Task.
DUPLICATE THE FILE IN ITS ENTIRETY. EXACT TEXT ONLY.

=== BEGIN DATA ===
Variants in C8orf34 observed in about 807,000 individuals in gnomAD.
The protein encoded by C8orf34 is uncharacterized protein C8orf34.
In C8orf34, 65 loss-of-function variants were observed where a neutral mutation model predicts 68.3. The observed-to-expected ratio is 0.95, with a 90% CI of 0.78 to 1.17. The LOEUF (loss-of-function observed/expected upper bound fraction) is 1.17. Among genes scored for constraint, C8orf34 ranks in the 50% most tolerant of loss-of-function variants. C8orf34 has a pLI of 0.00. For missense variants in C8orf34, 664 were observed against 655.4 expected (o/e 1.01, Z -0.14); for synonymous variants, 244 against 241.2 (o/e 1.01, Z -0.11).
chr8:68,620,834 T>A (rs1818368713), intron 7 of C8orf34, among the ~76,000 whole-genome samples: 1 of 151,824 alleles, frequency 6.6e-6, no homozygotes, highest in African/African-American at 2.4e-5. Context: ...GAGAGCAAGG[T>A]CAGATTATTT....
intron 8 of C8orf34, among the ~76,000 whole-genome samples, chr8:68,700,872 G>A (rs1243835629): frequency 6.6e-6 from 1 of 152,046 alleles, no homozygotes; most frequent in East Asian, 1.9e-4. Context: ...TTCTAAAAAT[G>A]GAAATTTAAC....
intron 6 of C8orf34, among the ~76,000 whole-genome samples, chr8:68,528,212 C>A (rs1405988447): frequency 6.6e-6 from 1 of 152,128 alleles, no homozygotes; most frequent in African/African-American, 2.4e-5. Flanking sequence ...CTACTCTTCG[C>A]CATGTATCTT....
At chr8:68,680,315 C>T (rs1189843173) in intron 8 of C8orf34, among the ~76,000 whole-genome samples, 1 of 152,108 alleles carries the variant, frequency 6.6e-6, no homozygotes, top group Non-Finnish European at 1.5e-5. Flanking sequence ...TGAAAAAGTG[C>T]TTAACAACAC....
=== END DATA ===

Variants in C8orf34 observed in about 807,000 individuals in gnomAD.
The protein encoded by C8orf34 is uncharacterized protein C8orf34.
In C8orf34, 65 loss-of-function variants were observed where a neutral mutation model predicts 68.3. The observed-to-expected ratio is 0.95, with a 90% CI of 0.78 to 1.17. The LOEUF (loss-of-function observed/expected upper bound fraction) is 1.17. Among genes scored for constraint, C8orf34 ranks in the 50% most tolerant of loss-of-function variants. C8orf34 has a pLI of 0.00. For missense variants in C8orf34, 664 were observed against 655.4 expected (o/e 1.01, Z -0.14); for synonymous variants, 244 against 241.2 (o/e 1.01, Z -0.11).
chr8:68,620,834 T>A (rs1818368713), intron 7 of C8orf34, among the ~76,000 whole-genome samples: 1 of 151,824 alleles, frequency 6.6e-6, no homozygotes, highest in African/African-American at 2.4e-5. Context: ...GAGAGCAAGG[T>A]CAGATTATTT....
intron 8 of C8orf34, among the ~76,000 whole-genome samples, chr8:68,700,872 G>A (rs1243835629): frequency 6.6e-6 from 1 of 152,046 alleles, no homozygotes; most frequent in East Asian, 1.9e-4. Context: ...TTCTAAAAAT[G>A]GAAATTTAAC....
intron 6 of C8orf34, among the ~76,000 whole-genome samples, chr8:68,528,212 C>A (rs1405988447): frequency 6.6e-6 from 1 of 152,128 alleles, no homozygotes; most frequent in African/African-American, 2.4e-5. Flanking sequence ...CTACTCTTCG[C>A]CATGTATCTT....
At chr8:68,680,315 C>T (rs1189843173) in intron 8 of C8orf34, among the ~76,000 whole-genome samples, 1 of 152,108 alleles carries the variant, frequency 6.6e-6, no homozygotes, top group Non-Finnish European at 1.5e-5. Flanking sequence ...TGAAAAAGTG[C>T]TTAACAACAC....